The numbers behind offsetting emissions

This might lean ever so slightly in the politics territory, but here’s a fun calculation. Was just thinking about how big a pile of carbon would I need to offset my CO₂ contributions while on the walk.

Ideally, the CO₂ contributions should be put back underground, so the first idea would be to just cut down bury some trees (after all, once grown, trees aren’t being much of a net CO₂ scrub) – but that would be wrong. Charcoal — being pure carbon and much more stable than biomass — would be much better. Sure, you’ve got to turn wood into charcoal before you do anything with it, but the process of turning wood into charcoal doesn’t produce additional CO₂. This means: charcoal is the way to go.

Now that we know our preferred form of carbon, let’s take a look at the numbers:

  •  EU’s CO2 emissions are ~6.4 tons per year per capita. USA is 16.5. (using data for 2014).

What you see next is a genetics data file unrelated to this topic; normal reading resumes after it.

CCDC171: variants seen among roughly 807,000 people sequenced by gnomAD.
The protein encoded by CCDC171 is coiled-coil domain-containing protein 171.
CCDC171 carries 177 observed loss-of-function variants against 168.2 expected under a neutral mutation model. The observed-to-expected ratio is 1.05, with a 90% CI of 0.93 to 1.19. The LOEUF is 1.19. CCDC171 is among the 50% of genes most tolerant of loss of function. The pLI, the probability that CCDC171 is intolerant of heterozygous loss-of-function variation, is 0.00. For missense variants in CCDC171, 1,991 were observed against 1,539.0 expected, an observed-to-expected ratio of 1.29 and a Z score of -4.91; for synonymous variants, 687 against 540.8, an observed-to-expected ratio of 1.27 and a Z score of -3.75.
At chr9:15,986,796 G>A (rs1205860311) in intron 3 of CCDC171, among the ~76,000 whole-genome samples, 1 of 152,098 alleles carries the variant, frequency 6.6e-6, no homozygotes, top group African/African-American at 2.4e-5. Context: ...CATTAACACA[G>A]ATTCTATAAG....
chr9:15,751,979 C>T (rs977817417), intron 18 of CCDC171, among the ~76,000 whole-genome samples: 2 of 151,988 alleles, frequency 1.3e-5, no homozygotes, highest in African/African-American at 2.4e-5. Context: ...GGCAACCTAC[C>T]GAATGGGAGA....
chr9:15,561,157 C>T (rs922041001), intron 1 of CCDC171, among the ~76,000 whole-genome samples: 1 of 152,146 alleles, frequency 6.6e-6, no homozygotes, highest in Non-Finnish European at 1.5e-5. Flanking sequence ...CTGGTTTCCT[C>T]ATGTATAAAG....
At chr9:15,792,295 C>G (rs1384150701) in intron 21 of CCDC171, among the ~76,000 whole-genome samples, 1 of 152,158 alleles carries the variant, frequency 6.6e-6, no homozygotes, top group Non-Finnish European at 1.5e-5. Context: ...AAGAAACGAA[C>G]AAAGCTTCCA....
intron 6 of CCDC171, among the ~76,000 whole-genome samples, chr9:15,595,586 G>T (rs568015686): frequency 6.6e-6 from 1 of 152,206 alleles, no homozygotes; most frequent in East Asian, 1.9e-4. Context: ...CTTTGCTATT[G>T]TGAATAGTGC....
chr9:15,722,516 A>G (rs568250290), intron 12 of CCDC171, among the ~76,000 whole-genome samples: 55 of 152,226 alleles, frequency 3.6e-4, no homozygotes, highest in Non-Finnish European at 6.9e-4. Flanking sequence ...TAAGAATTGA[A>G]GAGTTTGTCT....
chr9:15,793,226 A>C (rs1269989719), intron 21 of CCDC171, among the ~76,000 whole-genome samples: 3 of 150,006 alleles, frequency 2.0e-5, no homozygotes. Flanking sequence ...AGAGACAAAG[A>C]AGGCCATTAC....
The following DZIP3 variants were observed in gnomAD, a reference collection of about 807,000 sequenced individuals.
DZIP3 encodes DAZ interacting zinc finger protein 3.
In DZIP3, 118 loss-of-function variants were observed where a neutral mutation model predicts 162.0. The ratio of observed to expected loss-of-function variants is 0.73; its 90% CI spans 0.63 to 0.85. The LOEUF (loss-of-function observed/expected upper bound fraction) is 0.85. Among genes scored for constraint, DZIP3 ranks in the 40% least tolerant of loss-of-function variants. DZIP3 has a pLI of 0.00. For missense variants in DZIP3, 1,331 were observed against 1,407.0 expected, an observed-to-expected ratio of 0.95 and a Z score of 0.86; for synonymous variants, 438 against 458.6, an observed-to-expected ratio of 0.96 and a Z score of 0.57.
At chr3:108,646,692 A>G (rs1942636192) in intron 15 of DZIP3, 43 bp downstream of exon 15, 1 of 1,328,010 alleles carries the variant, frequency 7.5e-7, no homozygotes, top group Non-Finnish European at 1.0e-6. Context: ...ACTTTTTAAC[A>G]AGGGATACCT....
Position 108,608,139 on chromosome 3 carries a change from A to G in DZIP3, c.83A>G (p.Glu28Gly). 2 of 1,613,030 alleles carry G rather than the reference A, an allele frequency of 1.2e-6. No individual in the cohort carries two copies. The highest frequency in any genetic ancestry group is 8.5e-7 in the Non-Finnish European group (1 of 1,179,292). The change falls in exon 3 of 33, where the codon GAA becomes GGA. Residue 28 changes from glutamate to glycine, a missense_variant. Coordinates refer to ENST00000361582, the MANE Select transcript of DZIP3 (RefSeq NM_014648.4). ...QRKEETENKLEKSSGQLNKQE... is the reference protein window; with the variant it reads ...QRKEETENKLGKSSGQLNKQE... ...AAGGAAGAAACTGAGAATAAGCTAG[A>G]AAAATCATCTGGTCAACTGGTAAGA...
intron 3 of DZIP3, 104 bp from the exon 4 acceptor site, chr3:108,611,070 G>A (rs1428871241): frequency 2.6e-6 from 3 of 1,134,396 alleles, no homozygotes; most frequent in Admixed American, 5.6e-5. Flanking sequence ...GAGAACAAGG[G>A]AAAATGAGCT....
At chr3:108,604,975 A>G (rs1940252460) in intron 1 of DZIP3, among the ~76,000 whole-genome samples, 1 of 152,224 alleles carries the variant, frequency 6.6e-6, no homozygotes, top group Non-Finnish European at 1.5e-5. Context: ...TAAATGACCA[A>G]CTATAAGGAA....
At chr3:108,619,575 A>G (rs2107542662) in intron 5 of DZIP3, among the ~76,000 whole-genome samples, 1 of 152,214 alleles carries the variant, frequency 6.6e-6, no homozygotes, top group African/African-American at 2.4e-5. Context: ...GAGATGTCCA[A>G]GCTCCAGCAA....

• Carbon represents 27.3% of CO2 by weight.
  • Density-wise, charcoal clocks between .2 and .6 tons per m3.

If you wanted to sequester the amount of carbon “you” are responsible for, the pile of carbon you’d have to manage would weigh ~1.75 metric tons (4.5 metric tons if you’re in USA). This translates to a nice 2.9 – 8.7 m³ (7.5 – 22 m³ for USA/NA in general) pile of charcoal to bury somewhere at the end of every year.

This, of course, excludes emissions related to cutting down trees, reforestation (!) and transportation; we also assume that charcoal production is using excess power from the wind farms on days when there’s too much wind. The good news, though, is this: most of the per-capita emissions is produced by companies. If you only wanted to deal with the emissions that you cause directly, the pile would probably be much smaller.

Emissions per capita stuff stolen from here.